Sema4, an AI-driven genomic and clinical data intelligence platform company based in Stamford, Conn., recently published two studies demonstrating the utility of machine learning to predict for postpartum hemorrhage risk. The studies, which will appear in a special “Informatics for Sex- and Gender-Related Health” print issue of the Journal of the American Medical Informatics Association (JAMIA), were conducted in collaboration with clinicians from the Mount Sinai Health System in New York City.
Sema4 chose to focus its advanced machine learning methods on PPH as the condition is the leading cause of maternal mortality globally. postpartum hemorrhage (PPH) accounts for approximately one third of maternal deaths and often occurs in patients with no known risk factors for hemorrhage, according to the company. In addition, limitations in diagnostic guidelines and risk-assessment tools can make it difficult for healthcare providers to adequately identify and treat PPH, particularly in patients without evident symptoms.
“These two new papers are among the first to use large-scale, comprehensive, real-world data to predict clinical outcomes,” says Eric Schadt, PhD, founder and chief executive officer of Sema4 and joint corresponding author on the papers. “By implementing our predictive model into the clinical standard of care, healthcare providers may be able to improve PPH risk assessment and medical management for their pregnant patients, resulting in better health outcomes.”
The first study leveraged de-identified longitudinal electronic medical record (EMR) data on more than 70,000 pregnancy deliveries at five Mount Sinai Health System hospitals to develop and validate a comprehensive digital phenotyping algorithm for PPH. The novel algorithm incorporates not only cumulative blood loss but also other critical diagnostic and treatment-related features indicative of PPH.
“PPH is a devastating condition that occurs with little advance warning,” says Li Li, MD, senior vice president of clinical informatics at Sema4 and joint corresponding author. “Current guidelines primarily rely on cumulative blood loss as the main diagnostic marker for PPH. We identified additional clinical features from EMR data, enabling us to identify PPH with 89% accuracy, whereas the standard blood loss-based definition was only 67% accurate. Thus, we anticipate that our digital phenotyping algorithm will be of significant use for tracking outcomes and clinical research to develop better preventative interventions for PPH.”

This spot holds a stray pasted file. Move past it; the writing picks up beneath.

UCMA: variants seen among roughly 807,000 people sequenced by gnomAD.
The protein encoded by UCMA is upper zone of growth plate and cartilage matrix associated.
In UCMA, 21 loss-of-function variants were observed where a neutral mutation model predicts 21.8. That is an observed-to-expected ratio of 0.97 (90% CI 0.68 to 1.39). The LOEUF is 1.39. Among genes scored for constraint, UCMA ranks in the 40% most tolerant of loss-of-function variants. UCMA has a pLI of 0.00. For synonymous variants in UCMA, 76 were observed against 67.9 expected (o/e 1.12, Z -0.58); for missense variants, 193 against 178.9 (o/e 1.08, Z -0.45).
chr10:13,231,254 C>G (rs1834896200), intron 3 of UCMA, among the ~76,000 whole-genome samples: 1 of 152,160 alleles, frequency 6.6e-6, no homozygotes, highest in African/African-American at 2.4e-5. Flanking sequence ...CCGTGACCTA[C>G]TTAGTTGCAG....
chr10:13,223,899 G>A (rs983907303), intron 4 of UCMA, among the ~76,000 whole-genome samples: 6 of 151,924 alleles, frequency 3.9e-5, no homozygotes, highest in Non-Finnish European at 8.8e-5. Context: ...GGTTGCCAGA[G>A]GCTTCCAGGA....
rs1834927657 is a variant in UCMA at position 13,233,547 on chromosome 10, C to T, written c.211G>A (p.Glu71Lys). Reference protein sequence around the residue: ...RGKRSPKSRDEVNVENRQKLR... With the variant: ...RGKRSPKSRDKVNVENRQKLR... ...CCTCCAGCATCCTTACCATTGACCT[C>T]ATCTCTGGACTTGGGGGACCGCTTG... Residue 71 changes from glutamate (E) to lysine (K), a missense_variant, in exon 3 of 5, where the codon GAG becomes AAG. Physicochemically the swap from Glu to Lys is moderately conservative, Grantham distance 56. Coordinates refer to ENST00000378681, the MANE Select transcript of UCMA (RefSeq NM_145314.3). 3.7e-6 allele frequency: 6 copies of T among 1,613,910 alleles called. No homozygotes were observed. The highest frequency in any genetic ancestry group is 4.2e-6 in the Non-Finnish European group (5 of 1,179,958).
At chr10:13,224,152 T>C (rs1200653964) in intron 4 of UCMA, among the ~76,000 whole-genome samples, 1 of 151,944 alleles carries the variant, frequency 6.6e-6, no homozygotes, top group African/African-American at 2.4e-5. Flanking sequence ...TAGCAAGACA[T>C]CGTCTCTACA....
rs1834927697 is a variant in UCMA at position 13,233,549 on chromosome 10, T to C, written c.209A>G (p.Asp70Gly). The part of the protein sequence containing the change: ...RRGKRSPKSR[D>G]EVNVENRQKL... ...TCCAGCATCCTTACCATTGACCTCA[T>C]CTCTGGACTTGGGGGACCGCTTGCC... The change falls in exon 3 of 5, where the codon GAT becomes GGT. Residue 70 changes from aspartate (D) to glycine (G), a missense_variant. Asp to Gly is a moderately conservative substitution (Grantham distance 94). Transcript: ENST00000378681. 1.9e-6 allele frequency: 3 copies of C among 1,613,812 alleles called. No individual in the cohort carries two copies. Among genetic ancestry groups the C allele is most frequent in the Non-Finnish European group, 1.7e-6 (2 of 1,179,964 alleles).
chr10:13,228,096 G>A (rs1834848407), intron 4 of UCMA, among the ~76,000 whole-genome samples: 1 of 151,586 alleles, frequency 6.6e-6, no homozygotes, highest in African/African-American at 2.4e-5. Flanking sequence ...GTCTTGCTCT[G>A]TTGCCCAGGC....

The same patient cohort was used in the second study to build, train, and validate a predictive model for postpartum hemorrhage risk using advanced machine learning methods. The model uses 24 predictive markers, including five new potential PPH risk factors. These risk factors are readily obtained from routine lab tests, including complete blood count panels and vital signs, but are not currently used in standard risk-assessment tools. The research also identified inflection points for laboratory and vital sign values where PPH risk rose substantially, which could serve as a guideline for monitoring intrapartum risk.
“In our studies, we established a physician-validated, comprehensive digital phenotyping tool for PPH using EMR data from a large U.S. health system,” Li says. “We then used this validated phenotype to assess longitudinal antepartum and intrapartum data to build a robust predictive model for PPH risk after hospital admission. Our model identified clinical feature thresholds that can guide intrapartum monitoring with near-immediate clinical utility.
“Compared to current clinical standards of abnormal vital signs and laboratory parameters in the antepartum and intrapartum periods, we detected values for these 24 markers that could provide early warning signals to healthcare providers to monitor patients at risk,” Li adds. “Following further evaluation, our predictive tool may enable reproductive healthcare providers to predict and treat potential high-risk symptoms before they occur, allocate resources appropriately, and ultimately reduce PPH morbidity and mortality.”
In comparison tests, Sema4’s novel tool outperformed three existing clinical risk-assessment tools and models.
“We look forward to continuing to advance this collaboration, combining the research and clinical expertise from Mount Sinai’s obstetrics, gynecology, and reproductive science team with Sema4’s machine learning methods to advance solutions for postpartum hemorrhage,” says Erik Lium, PhD, president of Mount Sinai Innovation Partners and executive vice president and chief commercial innovation officer for the Mount Sinai Health System.
Both studies leveraged insights from Centrellis, Sema4’s health intelligence platform that powers Sema4’s ongoing research to better understand and improve reproductive health. Key areas of research include predictive modeling to determine the optimal timing for a pregnant patient to receive noninvasive prenatal testing to achieve the most accurate results and generating models to better predict the potential risk for preeclampsia, another leading cause of maternal mortality.
The Icahn School of Medicine at Mount Sinai (Icahn Mount Sinai) holds equity in Sema4. Schadt, a part-time faculty member at Icahn Mount Sinai, is the chief executive officer for Sema4 and holds equity in the company.
For more information, visit Sema4.